John Hammer, Contributing editor

Last year, by a vote of 1,148 to 349, Charlotters passed Town Meeting Article 9, which established a municipal charter that alters the way the town budget is approved. Beginning this year, the following procedure is in place: Those in attendance at Town Meeting can still discuss and amend all warned budget and budget-related articles—including the Selectboard’s proposed budget. Final approval of those (amended) articles, however, will be decided by Australian ballot five weeks later on Tuesday, April 11.

The process for voting on all non-budgetary articles remains the same as before. Those articles will continue to be discussed, amended and voted up or down on the floor of Town Meeting, with no follow-on Australian ballot vote.

As it currently stands, Town Meeting this year will consider and decide 10 articles on the floor and two by Australian ballot (see sidebar). Only articles 5 and 6 are subject to the two-part approval process described in the charter. The dollar amounts in each of these articles will be discussed, possibly modified and then approved on the floor. The final figures approved on the floor will then be voted for adoption by Australian ballot on April 11.

If, however, either Article 5 or Article 6 is defeated by a floor vote at Town Meeting—that is, if no Selectboard budget or no additional money for the Trails Reserve Fund is approved—the floor vote will be final and the defeated article will not appear on the April 11 ballot.

It is important to note that bonding and borrowing articles, such as Article 12 on this year’s warning to replace the aging 1980 fire pumper, will continue to be considered under the former procedures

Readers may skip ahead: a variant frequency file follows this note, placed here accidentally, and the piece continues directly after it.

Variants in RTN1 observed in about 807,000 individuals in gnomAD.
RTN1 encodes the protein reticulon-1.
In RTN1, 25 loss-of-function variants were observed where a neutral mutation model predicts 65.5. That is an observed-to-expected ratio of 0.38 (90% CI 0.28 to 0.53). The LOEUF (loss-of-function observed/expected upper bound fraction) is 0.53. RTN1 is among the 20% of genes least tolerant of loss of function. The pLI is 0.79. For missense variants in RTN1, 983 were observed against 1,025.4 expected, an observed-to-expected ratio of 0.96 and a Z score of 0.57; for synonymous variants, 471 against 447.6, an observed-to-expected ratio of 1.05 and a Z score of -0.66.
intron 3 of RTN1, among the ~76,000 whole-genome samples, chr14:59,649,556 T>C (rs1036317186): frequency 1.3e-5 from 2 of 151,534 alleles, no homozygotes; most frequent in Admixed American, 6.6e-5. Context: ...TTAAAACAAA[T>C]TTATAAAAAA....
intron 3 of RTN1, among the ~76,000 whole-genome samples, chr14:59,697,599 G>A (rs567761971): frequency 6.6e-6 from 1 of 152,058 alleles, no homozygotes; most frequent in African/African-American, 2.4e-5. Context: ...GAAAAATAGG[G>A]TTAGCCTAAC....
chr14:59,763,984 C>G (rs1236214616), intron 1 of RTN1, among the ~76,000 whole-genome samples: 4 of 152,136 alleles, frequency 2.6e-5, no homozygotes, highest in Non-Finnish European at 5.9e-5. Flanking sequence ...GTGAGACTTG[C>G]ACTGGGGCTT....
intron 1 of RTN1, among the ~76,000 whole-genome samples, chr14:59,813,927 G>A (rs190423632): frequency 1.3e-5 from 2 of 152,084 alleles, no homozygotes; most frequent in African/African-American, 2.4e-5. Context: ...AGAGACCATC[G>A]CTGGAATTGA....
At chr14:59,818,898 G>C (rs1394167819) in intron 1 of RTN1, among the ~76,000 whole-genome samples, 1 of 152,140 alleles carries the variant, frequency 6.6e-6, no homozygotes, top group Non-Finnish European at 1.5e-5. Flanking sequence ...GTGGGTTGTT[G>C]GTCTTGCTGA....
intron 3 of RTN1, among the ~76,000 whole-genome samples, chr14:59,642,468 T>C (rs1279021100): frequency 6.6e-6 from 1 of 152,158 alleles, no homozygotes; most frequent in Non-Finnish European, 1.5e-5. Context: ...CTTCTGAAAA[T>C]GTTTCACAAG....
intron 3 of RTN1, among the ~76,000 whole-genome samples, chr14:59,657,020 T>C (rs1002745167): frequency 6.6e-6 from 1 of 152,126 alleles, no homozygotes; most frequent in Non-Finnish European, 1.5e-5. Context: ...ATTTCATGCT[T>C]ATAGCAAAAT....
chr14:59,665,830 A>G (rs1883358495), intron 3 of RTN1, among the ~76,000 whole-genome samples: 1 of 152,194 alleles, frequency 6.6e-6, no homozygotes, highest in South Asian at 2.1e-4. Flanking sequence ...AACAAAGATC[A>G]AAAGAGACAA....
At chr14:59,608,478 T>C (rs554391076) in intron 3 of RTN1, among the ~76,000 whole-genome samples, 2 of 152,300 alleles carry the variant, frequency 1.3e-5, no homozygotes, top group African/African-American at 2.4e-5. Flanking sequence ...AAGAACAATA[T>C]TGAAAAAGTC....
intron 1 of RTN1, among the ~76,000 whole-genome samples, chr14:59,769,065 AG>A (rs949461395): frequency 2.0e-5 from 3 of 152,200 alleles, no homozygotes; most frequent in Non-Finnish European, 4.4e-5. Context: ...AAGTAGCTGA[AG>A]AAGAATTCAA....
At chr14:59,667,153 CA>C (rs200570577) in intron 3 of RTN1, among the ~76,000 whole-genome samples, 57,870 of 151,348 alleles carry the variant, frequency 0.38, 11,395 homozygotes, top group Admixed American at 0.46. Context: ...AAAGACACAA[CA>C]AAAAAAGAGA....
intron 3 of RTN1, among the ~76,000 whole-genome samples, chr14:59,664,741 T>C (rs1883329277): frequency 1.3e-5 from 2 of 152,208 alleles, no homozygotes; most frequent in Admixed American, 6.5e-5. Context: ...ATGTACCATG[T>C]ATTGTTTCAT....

How we got here
The genesis of the town charter was the failure, on the floor of a Special Town Meeting in May 2012, to pass an article calling for “the Town (to) adopt its budget article, or articles, by Australian ballot.” The article was “postponed indefinitely” in order to allow for alternative solutions to be considered.

In the intervening years, an ad hoc Town Meeting Solutions Committee studied potential alternatives and worked with the Selectboard to come up finally with the above-mentioned Article 9. In the view of the committee, this two-part process happily married the direct democracy of Town Meeting and the greater voter participation of the Australian ballot in determining the tax burden all of us will carry to fund town operations.

Included in the charter, as approved by the Vermont State Legislature on April 19, 2016, is a “sunset” clause that states, “Absent action to repeal or modify this Section 7, this charter shall expire, terminate and have no further force and effect four years from the date of passage by the Legislature.”

We now have four years to see if this two-part procedure works. If by Town Meeting 2020 we decide that it has worked and we want to continue it, we have to affirmatively renew the provisions of the charter that year—and do so by Australian ballot. Otherwise, the charter will sunset and we will return to traditional Town Meeting, voting town budget articles up or down on the floor.